• The SpaceX, the world’s leading private company in space technology, last week fired a spray of 60 satellites into orbit. Following last week’s launch, the company has now deployed 122 satellites in orbit with a target of 12000 in all.
  • SpaceX announced the satellite Internet constellation in January 2015, and launched two test satellites in February 2018.
  • The Starlink network, as the project is called, is one of several ongoing efforts to start beaming data signals from space, and also the most ambitious.
  • This launch is the first operational batch of what is intended to eventually evolve into a constellation of nearly 12,000 satellites.
  • They are aimed at providing low-cost and reliable space-based Internet services to the world.

Why Space internet services?

  • This is mainly to ensure that reliable and uninterrupted Internet services is ensured across the world
  • Currently, about 4 billion people, more than half the world’s population, do not have access to reliable Internet networks.
  • And that is because the traditional ways to deliver the Internet — fibre-optic cables or wireless networks — cannot take it everywhere on Earth.
  • In many remote areas, or places with difficult terrain, it is not feasible or viable to set up cables or mobile towers.
  • Signals from satellites in space can overcome this obstacle easily.

Orbital Details

  • Space-based Internet systems have, in fact, been in use for several years now — but only for a small number of users.
  • Also, most of the existing systems use satellites in geostationary orbit.
  • This orbit is located at a height of 35,786 km over the Earth’s surface, directly above the Equator.
  • Satellites in this orbit move at speeds of about 11,000 km per hour, and complete one revolution of the Earth in the same time that the earth rotates once on its axis.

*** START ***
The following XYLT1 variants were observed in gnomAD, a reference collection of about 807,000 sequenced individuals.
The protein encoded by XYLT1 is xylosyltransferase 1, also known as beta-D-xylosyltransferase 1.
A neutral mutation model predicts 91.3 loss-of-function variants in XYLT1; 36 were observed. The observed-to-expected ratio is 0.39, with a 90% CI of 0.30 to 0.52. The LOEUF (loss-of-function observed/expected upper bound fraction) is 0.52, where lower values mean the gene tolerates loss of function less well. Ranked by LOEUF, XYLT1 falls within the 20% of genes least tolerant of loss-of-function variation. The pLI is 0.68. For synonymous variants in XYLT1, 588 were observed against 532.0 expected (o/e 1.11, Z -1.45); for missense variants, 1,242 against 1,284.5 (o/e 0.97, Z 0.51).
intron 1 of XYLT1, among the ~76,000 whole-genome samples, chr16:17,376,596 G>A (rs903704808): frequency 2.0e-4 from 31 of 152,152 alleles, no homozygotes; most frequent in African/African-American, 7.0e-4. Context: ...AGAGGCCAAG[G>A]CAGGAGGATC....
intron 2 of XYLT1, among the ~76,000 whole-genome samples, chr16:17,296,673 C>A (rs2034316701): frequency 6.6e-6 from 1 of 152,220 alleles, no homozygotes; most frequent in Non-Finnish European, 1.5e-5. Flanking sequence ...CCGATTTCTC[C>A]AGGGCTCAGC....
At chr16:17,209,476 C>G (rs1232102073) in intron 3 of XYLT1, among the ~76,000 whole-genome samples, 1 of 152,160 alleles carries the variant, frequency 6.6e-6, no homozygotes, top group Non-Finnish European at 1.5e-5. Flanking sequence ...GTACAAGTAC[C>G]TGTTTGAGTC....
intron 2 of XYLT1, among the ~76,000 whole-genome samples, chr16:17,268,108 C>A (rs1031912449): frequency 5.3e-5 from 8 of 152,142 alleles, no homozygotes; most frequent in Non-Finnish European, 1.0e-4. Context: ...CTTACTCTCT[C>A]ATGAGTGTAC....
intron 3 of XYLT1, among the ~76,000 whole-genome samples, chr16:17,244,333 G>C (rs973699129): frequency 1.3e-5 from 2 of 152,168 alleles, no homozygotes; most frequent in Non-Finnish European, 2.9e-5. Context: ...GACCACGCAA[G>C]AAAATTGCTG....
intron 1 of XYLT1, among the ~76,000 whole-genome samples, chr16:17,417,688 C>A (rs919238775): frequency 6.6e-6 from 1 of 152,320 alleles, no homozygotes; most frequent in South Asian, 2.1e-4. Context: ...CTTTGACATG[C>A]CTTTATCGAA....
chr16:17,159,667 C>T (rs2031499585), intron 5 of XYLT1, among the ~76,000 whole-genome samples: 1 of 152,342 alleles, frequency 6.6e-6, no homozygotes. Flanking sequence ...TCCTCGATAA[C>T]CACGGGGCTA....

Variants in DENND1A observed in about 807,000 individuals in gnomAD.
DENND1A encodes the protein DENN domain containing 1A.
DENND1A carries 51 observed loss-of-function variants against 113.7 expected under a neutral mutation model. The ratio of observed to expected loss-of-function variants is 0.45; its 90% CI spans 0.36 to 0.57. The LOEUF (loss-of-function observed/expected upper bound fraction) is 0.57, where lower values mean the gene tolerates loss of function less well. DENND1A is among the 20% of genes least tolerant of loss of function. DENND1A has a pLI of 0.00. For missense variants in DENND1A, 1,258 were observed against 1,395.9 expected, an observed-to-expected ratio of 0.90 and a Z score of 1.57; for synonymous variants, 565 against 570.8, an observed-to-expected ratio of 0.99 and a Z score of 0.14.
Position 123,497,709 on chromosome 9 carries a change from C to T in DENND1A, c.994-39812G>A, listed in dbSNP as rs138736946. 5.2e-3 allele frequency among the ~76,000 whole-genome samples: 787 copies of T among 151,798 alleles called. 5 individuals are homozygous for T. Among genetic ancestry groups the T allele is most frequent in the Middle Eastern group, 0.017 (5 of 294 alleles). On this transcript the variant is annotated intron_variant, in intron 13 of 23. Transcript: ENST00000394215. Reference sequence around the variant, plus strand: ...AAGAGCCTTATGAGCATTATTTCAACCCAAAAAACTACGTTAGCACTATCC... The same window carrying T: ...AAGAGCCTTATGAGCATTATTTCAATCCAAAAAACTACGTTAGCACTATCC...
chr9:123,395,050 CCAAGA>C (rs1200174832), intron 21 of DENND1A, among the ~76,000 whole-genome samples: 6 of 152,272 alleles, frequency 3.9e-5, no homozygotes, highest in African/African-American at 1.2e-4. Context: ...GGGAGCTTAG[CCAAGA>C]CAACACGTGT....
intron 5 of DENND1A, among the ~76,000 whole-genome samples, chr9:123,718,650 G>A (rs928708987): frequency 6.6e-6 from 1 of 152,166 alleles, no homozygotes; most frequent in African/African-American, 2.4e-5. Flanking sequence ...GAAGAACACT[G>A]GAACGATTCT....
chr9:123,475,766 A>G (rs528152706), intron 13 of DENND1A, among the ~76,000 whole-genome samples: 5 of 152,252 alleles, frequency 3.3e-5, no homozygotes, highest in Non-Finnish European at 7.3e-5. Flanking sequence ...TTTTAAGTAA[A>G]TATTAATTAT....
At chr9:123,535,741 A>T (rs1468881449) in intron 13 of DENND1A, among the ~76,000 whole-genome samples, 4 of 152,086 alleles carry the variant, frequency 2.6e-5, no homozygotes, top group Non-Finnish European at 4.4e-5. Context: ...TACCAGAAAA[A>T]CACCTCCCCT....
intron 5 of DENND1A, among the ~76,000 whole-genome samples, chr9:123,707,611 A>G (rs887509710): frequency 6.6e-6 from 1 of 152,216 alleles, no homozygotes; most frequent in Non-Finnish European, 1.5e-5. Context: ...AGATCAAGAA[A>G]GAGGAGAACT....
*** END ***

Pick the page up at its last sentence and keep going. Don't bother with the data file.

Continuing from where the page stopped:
• To the observer on the ground, therefore, a satellite in geostationary orbit appears stationary.
  • Owing to their lower height, their signals cover a relatively small area. As a result, many more satellites are needed in order to reach signals to every part of the planet.
  • Additionally, satellites in these orbits travel at more than double the speed of satellites in geostationary orbit — about 27,000 km per hour — to balance the effects of gravity.

So how will placing satellites in lower orbits help?

  • One big advantage of beaming signals from geostationary orbit is that the satellite can cover a very large part of the Earth.
  • Signals from one satellite can cover roughly a third of the planet — and three to four satellites would be enough to cover the entire Earth.
  • Also, because they appear to be stationary, it is easier to link to them.
  • But satellites in geostationary orbit also have a major disadvantage. The Internet is all about transmission of data in (nearly) real time.
  • However, there is a time lag — called latency — between a user seeking data, and the server sending that data.
  • And because data transfers cannot happen faster than the speed of light (in reality, they take place at significantly lower speeds), the longer the distance that needs to be covered the greater is the time lag, or latency.

Limitations

  • Three issues have been flagged — increased space debris, increased risk of collisions, and the concern of astronomers that these constellations of space Internet satellites will make it difficult to observe other space objects, and to detect their signals.
  • To put things in perspective, there are fewer than 2,000 operational satellites at present, and fewer than 9,000 satellites have been launched into space since the beginning of the Space Age in 1957.
  • Most of the operational satellites are located in the lower orbits.
  • The European Space Agency (ESA) this year had to perform, for the first time ever, a “collision avoidance manoeuvre” to protect one of its live satellites from colliding with a “mega constellation”.

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